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So, someone is sending spam from my e-mail...


Lokik
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I recently got many e-mails from postmaster[at]mail.hotmail.com ("Delivery Status Notification (Failure)â€"), and it seems someone is using my e-mail to send spam now. The failed mails had a small attachment, plus they had URLs to some websites. This kind of thing is very new to me, and English is not my first language so all this reporting seems very complicated.

I checked the info of the messages, and they showed this:

X-Originating-IP: [187.131.160.139]

I tracked the IP address to Juarez, Mexico. Is this the IP of the spammer who is using my e-mail? Is there anything I can do about it?

Sorry if this is not the right place to ask this, wasn't quite sure about it.

Edited by Lokik
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They aren't really "sending from your e-mail," what they have done specifically is just to forge your address into their outgoing messages. To use a (paper) post office analogy, it's as if they had mailed a letter on which they put your name and address in the top left corner. It takes no particular trickery and requires no information other than the address itself.

It's unlikely that the spammers know or have anything about you other than just the text string that is your address. This kind of forgery is very common among spammers and generally isn't anything to worry about since everyone (including you now) knows that from-addresses aren't trustworthy as an indication of the origin of spam.

Here's a page with some more detail on the matter if you care to read it.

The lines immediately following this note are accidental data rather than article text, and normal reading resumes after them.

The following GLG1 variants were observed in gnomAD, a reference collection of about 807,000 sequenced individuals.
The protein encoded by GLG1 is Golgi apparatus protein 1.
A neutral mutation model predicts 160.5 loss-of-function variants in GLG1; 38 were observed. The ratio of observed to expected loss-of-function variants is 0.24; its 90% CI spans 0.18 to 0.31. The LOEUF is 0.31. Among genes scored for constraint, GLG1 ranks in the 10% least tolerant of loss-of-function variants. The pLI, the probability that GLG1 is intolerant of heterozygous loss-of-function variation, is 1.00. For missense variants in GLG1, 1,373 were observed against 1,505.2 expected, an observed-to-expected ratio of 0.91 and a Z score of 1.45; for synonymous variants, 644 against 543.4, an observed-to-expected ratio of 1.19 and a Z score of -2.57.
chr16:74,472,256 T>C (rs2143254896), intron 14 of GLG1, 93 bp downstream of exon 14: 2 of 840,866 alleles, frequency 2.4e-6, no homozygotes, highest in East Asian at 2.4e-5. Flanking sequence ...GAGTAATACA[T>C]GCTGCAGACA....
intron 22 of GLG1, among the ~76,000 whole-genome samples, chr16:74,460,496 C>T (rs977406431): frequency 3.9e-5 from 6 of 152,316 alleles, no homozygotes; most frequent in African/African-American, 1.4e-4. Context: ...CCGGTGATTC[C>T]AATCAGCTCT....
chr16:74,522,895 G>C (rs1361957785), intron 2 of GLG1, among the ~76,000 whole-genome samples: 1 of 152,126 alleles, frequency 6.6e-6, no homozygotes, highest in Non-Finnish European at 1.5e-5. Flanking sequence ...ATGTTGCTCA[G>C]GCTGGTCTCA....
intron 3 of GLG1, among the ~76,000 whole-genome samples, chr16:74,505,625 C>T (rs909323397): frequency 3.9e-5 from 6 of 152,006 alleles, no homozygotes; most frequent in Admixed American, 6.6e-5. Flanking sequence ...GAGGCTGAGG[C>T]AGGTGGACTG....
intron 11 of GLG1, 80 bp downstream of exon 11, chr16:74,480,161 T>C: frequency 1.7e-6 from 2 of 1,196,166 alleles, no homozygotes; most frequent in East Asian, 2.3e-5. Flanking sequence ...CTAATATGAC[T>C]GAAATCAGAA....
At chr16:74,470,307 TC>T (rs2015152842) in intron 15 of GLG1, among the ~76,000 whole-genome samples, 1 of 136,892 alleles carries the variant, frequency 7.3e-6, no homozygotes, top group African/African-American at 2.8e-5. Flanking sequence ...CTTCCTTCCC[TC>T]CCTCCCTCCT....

-- rick

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There is another possibility that your e-mail account has been hacked if you had a password that was easy to guess. If this continues I would change such a password to something much harder to break and see if that doesn't stop it.

While it is always a good idea to use strong passwords and change them often, I wouldn't want to go so far as to say that anything had been "hacked" in this case, at least not on the evidence the original poster has presented. Fortunately, it is not difficult to check this possibility.

The bounce messages usually contain the headers of the offending (spam) message, and these will show the IP address of the mail server from which the message was received. Unless this server is related to the domain of the stolen address (the original poster implies not), I think it much more likely that the spammer simply forged the from-address (or return-path address), as they have done to me many, many times in the past. This forgery is very difficult (if even possible) with a "normal" mail program (Outlook, etc.) but very easy with the right bulk-mailing tools.

-- rick

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